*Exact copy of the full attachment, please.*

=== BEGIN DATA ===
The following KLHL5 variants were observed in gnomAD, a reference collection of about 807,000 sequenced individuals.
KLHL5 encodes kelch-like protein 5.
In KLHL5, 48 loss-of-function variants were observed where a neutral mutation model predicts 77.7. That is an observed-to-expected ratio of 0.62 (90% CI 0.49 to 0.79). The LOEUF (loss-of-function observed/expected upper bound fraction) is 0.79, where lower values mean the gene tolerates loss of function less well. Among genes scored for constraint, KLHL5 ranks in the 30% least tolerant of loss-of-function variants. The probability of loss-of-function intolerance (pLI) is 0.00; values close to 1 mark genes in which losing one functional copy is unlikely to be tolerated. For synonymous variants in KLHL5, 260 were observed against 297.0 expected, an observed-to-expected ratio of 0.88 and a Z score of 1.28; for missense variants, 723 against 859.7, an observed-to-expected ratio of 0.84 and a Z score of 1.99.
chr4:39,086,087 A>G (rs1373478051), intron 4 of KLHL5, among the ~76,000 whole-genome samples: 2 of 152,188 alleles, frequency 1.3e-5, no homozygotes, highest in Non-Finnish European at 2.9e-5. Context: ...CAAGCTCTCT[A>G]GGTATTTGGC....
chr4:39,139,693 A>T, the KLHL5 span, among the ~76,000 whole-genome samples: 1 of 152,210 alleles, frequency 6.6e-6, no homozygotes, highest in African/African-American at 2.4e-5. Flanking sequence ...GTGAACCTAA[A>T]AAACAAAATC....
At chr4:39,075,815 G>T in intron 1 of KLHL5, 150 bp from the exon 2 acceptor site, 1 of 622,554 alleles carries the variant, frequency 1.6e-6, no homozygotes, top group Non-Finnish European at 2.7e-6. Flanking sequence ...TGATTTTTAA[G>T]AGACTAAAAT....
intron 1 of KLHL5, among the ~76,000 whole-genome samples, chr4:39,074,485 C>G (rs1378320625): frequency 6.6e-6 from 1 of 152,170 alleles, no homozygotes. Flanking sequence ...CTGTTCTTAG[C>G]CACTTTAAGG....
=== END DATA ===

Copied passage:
The following KLHL5 variants were observed in gnomAD, a reference collection of about 807,000 sequenced individuals.
KLHL5 encodes kelch-like protein 5.
In KLHL5, 48 loss-of-function variants were observed where a neutral mutation model predicts 77.7. That is an observed-to-expected ratio of 0.62 (90% CI 0.49 to 0.79). The LOEUF (loss-of-function observed/expected upper bound fraction) is 0.79, where lower values mean the gene tolerates loss of function less well. Among genes scored for constraint, KLHL5 ranks in the 30% least tolerant of loss-of-function variants. The probability of loss-of-function intolerance (pLI) is 0.00; values close to 1 mark genes in which losing one functional copy is unlikely to be tolerated. For synonymous variants in KLHL5, 260 were observed against 297.0 expected, an observed-to-expected ratio of 0.88 and a Z score of 1.28; for missense variants, 723 against 859.7, an observed-to-expected ratio of 0.84 and a Z score of 1.99.
chr4:39,086,087 A>G (rs1373478051), intron 4 of KLHL5, among the ~76,000 whole-genome samples: 2 of 152,188 alleles, frequency 1.3e-5, no homozygotes, highest in Non-Finnish European at 2.9e-5. Context: ...CAAGCTCTCT[A>G]GGTATTTGGC....
chr4:39,139,693 A>T, the KLHL5 span, among the ~76,000 whole-genome samples: 1 of 152,210 alleles, frequency 6.6e-6, no homozygotes, highest in African/African-American at 2.4e-5. Flanking sequence ...GTGAACCTAA[A>T]AAACAAAATC....
At chr4:39,075,815 G>T in intron 1 of KLHL5, 150 bp from the exon 2 acceptor site, 1 of 622,554 alleles carries the variant, frequency 1.6e-6, no homozygotes, top group Non-Finnish European at 2.7e-6. Flanking sequence ...TGATTTTTAA[G>T]AGACTAAAAT....
intron 1 of KLHL5, among the ~76,000 whole-genome samples, chr4:39,074,485 C>G (rs1378320625): frequency 6.6e-6 from 1 of 152,170 alleles, no homozygotes. Flanking sequence ...CTGTTCTTAG[C>G]CACTTTAAGG....